I've recently been traveling around the world with only an iPad instead of my MacBook Pro to see how it will hold up to an actual computer and whether I could do all of my normal crushing workload on it. It's been amazing how much I get done; after all, the battery lasts and lasts. On a plane, I'm writing, creating keynote presentations, watching movies, then answering some emails -- all without having to break my back carrying a six pound weight. After some rest and talking to a neighbor, maybe I'll read a book or touch up some photos.
But the iPad will leave students between a computer and a hard place. Indeed, it is a third device. And one that I'm quite fond of. But it's a poor substitute for computer learning.
This issue is being raised by two prominent articles, one in the New York Times and one in TechRadar, about schools that give every student an iPad. My immediate response was "horrified." Teachers and administrators are already sinking a lot of money that schools don't have into this tool, hoping for it to act as a panacea that it cannot and should not be.
It's not that I want to deprive young students of these experiences, but when I think of the potential for interactive curriculum, there is so much more than what the iPad can offer. And it can be delivered faster. While the lack of proper mutli-tasking might be good for focus, it certainly slows things down. When I'm researching for an article or a report, I have the virtual equivalent of having books and articles scattered across my desk. When I have several devices, I often do, relegating a content type to each device. Kids who are in the process of learning what the world has to offer don't need to be doing so with the brakes on.
The iPad is magic to children. Press a button and it does everything that you want it to. The problem is that it doesn't tell you how the magic happens. Unlike even the Android tablets, when downloading an app, there is no explanation that the app is utilizing the accelerometer, contact list, and your current location. Or all of your photos. Or your fingerprints. There's a danger in teaching kids to inherently trust technology without being more critical of it.
The iPad defaults in being a consumer technology, not a producer technology. People who are taking photos, videos, ideas, etc and trying to make something with them find it harder to operate than those who are consuming those same media. This is something that Douglas Rushkoff explores in some depth in Program or be Programmed.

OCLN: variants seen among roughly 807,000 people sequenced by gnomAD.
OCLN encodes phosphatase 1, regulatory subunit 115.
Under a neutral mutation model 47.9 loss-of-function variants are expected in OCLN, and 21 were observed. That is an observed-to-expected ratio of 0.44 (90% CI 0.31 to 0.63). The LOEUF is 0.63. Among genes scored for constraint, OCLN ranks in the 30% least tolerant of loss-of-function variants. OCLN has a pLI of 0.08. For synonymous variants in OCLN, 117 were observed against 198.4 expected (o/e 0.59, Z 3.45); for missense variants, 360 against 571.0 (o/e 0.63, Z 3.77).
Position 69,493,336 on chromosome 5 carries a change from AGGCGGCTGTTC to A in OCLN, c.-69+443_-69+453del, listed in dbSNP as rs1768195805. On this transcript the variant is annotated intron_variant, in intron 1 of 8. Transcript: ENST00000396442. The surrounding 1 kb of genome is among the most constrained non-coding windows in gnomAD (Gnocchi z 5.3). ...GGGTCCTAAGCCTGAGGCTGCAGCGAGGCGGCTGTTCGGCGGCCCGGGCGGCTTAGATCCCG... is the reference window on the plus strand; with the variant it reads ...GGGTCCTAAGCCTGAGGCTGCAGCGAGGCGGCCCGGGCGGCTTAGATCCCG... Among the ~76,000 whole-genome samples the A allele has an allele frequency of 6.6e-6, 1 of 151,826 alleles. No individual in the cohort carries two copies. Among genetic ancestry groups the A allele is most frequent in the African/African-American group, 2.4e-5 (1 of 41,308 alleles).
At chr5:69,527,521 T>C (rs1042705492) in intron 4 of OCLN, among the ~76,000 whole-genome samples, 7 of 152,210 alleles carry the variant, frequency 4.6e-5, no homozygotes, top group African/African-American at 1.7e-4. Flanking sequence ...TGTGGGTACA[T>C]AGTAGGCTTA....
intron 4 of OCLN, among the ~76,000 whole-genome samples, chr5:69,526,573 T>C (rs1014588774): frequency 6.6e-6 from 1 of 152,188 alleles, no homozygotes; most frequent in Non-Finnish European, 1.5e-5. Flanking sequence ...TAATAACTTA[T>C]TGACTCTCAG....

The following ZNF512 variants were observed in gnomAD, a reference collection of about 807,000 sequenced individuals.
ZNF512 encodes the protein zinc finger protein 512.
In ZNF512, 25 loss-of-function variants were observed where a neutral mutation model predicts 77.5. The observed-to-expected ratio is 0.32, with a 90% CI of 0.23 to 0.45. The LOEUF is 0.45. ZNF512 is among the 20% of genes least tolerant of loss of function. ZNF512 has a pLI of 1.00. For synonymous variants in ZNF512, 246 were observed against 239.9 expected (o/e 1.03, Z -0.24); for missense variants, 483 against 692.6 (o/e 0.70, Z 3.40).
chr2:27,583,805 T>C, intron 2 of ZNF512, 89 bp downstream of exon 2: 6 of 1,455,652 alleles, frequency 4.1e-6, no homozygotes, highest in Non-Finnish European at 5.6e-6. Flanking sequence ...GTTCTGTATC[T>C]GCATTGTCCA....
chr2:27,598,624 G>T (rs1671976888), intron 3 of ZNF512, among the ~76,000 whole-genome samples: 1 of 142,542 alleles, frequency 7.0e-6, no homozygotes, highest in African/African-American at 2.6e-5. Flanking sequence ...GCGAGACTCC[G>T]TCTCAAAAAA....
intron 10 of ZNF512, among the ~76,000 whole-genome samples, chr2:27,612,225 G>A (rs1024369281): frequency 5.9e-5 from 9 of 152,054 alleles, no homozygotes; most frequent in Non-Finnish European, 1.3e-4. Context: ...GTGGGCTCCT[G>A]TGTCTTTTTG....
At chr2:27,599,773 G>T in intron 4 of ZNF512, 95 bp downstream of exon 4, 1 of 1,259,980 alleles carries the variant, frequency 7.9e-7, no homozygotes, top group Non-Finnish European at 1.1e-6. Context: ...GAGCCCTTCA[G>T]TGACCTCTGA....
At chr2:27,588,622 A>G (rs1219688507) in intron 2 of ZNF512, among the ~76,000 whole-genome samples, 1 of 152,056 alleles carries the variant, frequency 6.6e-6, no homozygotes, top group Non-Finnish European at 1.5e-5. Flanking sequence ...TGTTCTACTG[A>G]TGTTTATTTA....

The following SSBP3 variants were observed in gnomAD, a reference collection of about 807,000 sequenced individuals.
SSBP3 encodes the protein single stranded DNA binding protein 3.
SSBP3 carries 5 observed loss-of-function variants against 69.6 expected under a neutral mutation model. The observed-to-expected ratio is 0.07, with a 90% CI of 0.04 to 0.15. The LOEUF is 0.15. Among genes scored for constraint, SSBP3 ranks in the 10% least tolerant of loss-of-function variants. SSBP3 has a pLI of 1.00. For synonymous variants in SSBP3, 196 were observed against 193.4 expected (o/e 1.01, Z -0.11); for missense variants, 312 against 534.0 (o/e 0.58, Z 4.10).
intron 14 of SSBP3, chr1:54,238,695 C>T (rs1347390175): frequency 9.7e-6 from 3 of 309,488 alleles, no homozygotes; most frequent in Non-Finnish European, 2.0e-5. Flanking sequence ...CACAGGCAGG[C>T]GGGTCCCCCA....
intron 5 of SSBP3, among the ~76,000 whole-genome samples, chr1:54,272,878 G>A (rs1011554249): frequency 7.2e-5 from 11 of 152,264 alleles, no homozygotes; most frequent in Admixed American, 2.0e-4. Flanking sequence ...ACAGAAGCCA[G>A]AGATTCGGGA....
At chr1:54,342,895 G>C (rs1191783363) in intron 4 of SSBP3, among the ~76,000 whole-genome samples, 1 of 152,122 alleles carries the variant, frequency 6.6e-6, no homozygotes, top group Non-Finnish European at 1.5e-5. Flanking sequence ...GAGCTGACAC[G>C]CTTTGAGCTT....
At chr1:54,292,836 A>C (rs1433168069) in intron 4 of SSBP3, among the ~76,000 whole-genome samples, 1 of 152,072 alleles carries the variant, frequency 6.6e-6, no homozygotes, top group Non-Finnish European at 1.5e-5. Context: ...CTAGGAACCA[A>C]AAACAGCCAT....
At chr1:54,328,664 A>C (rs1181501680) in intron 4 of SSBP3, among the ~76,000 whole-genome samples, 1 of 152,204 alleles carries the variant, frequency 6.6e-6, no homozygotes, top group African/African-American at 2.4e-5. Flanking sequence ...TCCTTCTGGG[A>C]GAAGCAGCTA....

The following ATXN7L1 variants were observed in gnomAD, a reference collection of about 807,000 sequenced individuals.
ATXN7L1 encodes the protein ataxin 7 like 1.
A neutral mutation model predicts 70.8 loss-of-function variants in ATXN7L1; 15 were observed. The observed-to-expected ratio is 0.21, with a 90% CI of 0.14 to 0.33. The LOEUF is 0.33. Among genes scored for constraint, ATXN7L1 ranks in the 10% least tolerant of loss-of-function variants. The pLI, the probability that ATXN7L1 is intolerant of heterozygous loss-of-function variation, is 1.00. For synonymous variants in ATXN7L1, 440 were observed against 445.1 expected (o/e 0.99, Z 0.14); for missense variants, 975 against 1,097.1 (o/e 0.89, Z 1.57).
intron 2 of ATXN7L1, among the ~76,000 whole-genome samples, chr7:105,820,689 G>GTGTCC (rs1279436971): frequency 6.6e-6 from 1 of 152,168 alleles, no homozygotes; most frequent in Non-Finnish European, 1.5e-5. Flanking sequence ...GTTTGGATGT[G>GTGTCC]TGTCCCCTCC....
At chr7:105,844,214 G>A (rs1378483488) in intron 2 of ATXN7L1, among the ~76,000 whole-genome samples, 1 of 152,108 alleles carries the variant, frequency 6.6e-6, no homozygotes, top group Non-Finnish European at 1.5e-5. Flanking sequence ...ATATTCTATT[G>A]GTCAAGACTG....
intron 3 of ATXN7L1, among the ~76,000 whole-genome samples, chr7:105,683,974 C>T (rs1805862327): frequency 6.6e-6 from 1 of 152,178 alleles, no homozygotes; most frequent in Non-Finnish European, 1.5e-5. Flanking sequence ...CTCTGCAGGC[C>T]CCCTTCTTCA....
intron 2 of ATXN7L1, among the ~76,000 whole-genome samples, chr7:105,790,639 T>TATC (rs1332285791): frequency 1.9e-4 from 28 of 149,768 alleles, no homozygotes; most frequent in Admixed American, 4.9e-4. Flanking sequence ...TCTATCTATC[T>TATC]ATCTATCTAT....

Youth need a deeper understanding of the devices they interact with. Are iPads replacing textbooks or are they replacing computers?
It was unnerving to hear the principal's statement in TechRadar that "as good as the iPad's hardware is, it's the software that makes the device interesting in education." This is exactly the kind of mentality that is getting kids to fall behind in science, technology, engineering, and mathematics (STEM). Instead, they should be concerned with cracking open an iPad and understanding how it works, how it can be improved, and how it can be modified to reflect them as individuals. The software is certainly interesting, but only if they can understand how to build apps, not just learn how to use their interfaces. What I've discovered is that kids who have never touched technology in their lives can adapt and learn an iPad within minutes, regardless of language barrier. It's not something that school time should be spent on.
Even more unnerving was Mr. Reiff from the Times article, who stated that "if there isn't an app that does something I need, there will be sooner or later." He now uses an application that includes all of Shakespeare's plays. Here is a teacher that fundamentally misunderstands how a computer works, trying to teach the next generation of youth, and expecting apps to magically appear. Instead of using a program designed for books, say Stanza, and downloading any of the tens of thousands of books readily available through it, including the extended work of Shakespeare, he is limited selection that he understands and to the hand-picked selection that Apple offers to him.
To truly learn about how to orient ourselves to the democratic society within which we live, it's hard to believe that learning through a centralized and strict system is the best way to go. Open source software intrinsically reflects the values of our society - it is transparent, accountable, and efficient. As our government is increasingly built on this framework, from the new open data repositories to the sites themselves, as well as our corporate enterprise infrastructure. It's crucial to teach our kids with tools that reflect this world.
It's important to consider how to introduce 21st century learning into schools and into the lives of people everywhere. As new options present themselves, it's important to think about cost-effective ways to deliver proper and thoughtful solutions that can inspire the leaders of tomorrow, while giving them the right skills to be at the front of the pack. At the same time, at their age, I cherished the thought of not having to carry 15 pounds of books back and forth from school.
Follow Mark Belinsky on Twitter: www.twitter.com/mbelinsky